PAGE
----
Owens said it all depends on using equipment the right way. Workers are supposed to avoid spraying hot water into the "green zone" the area of seaweed, mussels and tide pools which is the richest part of the shore. They are supposed to work when the tide is right and the green zone is covered. They also shouldn't linger with the spray in one spot, and should use a glancing blow rather than direct pounding, experts agree.

But as Owens said, every barge operator is different. Observations of half a dozen work sites where spray barges were at work in recent weeks showed that the rules are not generally followed. Barges at Knight and Eleanor islands were seen pounding the green zone with a direct, unmoving blast of hot water, surely destroying anything in their path.

NOAA arranged a test of one of the hotwater blasters, called Omni barges, to provide the first scientific measure of the waterwashing cleanup. Michel and oceanographer Jerry Galt painted pink spots on the rocks of a heavily oiled beach to see what would happen. Divers went into the water to take video tapes of the sea floor, in hopes of showing oily sediments that might be washed off and sink. Biologists counted the creatures and plants in the intertidal zone.

Four groups weighed and measured oily rocks, using four different methods, to determine how much oil was in the beach before and after the test. Their efforts to find the surface area of the average rock and the thickness of its coat of oil led to long calculations a calculus student's nightmare problem.

The barge swarmed with scientists and high Exxon officials. Some of the workers were grumpy about the invasion, but others showed off their extraordinary equipment with pride. Troubleshooter Hank Wright rattled off the capabilities of the six oilfired hotwater heaters that roared like jet engines. Each takes 40degree water from the sea and heats 100 gallons of it to 160 degrees every minute. The water rockets from the nozzle at a pressure of 80 pounds per square inch and a temperature of 140 degrees.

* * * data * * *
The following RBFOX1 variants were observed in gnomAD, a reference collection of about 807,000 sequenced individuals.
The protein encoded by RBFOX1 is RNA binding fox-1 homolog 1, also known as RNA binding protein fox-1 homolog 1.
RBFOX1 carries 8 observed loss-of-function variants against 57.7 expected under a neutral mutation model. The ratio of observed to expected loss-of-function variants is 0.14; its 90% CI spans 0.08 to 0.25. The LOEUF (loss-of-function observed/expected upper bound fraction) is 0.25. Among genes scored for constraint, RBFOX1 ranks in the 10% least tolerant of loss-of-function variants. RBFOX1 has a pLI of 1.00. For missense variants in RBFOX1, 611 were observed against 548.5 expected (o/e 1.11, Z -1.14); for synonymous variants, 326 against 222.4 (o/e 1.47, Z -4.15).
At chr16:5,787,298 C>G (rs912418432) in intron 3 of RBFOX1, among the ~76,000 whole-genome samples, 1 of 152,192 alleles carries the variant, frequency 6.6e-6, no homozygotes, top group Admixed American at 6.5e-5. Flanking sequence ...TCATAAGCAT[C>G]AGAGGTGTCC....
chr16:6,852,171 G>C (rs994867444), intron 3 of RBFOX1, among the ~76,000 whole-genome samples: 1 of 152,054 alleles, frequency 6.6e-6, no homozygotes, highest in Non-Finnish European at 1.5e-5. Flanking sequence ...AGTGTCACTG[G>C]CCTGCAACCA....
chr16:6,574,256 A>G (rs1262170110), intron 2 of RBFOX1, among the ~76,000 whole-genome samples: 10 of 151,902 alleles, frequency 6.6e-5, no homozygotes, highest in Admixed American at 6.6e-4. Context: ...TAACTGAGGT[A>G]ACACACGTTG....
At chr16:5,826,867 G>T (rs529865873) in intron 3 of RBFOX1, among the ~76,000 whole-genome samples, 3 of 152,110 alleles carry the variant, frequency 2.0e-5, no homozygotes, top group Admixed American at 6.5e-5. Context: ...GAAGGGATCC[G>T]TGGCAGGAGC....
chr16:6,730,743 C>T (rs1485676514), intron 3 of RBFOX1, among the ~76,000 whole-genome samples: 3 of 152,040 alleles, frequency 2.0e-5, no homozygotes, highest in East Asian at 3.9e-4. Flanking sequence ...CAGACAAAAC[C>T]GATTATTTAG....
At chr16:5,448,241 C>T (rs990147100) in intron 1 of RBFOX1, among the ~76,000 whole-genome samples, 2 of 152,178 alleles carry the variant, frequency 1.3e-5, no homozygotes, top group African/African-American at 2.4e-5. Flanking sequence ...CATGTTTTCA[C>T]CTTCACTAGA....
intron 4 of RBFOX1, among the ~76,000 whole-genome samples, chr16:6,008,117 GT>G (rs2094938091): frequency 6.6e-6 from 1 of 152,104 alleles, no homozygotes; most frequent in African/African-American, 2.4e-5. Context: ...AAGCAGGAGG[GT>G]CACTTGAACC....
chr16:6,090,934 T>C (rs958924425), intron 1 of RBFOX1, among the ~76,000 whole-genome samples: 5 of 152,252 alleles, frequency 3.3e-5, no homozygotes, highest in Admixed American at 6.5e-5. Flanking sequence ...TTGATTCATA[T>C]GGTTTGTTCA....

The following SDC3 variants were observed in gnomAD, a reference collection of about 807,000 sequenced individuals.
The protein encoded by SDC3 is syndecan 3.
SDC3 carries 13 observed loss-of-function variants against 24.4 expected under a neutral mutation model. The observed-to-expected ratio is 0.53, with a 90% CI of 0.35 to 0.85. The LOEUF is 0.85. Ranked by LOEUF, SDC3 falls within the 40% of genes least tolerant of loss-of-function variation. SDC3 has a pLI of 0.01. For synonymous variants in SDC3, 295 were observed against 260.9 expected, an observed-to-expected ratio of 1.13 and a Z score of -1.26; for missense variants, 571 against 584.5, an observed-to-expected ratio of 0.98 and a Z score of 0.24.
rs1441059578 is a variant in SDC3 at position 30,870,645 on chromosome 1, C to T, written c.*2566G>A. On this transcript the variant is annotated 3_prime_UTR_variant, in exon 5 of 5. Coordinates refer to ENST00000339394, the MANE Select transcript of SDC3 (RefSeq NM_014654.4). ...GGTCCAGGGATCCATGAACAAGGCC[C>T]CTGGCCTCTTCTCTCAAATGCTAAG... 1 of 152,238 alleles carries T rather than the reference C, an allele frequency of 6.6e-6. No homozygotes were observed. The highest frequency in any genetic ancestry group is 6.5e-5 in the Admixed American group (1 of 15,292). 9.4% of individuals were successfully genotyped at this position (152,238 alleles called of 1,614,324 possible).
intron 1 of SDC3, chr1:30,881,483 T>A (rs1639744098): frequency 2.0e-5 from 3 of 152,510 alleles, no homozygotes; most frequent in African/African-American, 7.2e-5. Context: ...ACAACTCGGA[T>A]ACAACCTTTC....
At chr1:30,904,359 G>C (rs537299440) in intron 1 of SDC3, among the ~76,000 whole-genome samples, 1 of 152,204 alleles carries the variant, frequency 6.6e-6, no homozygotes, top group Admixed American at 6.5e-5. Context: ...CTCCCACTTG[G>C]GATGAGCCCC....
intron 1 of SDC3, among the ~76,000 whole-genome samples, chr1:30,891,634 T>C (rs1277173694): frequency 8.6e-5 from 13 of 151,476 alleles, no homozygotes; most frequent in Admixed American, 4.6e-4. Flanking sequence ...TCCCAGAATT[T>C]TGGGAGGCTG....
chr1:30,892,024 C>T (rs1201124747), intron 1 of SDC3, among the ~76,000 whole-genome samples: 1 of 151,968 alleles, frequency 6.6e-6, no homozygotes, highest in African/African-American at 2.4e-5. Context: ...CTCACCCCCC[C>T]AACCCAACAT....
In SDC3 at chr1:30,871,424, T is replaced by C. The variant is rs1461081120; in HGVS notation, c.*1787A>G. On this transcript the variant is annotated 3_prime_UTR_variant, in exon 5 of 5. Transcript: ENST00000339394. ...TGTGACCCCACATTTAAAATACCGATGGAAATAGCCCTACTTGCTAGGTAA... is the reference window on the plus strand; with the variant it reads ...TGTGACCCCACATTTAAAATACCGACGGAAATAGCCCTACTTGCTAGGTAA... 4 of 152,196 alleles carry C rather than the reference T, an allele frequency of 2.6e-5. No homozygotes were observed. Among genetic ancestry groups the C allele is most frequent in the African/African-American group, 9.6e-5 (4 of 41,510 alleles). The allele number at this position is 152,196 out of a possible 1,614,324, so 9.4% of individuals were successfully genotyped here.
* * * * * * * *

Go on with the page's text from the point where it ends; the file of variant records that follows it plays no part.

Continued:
The test began with the night shift Omni barge crew. They were asked to work a stretch of beach for the usual time. When the crew's shift ended, they said the beach was almost done. But the day crew that took over said the beach wasn't nearly done hours of work were needed.

How anyone could see how much more work was needed was not clear. The Omni barge sets up a cloud of soursmelling steam that shrouds everything on the black beaches like fog from a horror movie.

Then the barge went aground and work had to stop with the night crew saying the beach was clean but the day crew not ready to stop. The NOAA scientists were unsure which crew's decision was most representative of a real cleanup situation. It didn't matter, though the barge was stuck till the next tide and work must cease anyway. The rocks on the beach, even in a cold rain, were as warm as bath water after the treatment.

The inconsistency of work crews is one of the basic problems of finding the spill's finish line. On the Kenai Peninsula, some crews wiping rocks report that they have been told never to turn over a rock and wipe off the bottom, while others have removed layers of beach for disposal.

The crews themselves are sure they know what is best.

"It's not all that difficult. It's pretty cut and dried," said Ray Farr, who tended the boom for the Omni barge. "Your boom is your boom and your tide is your tide, and after a few days you pretty much get the lay of the land, and after a few weeks, you definitely do."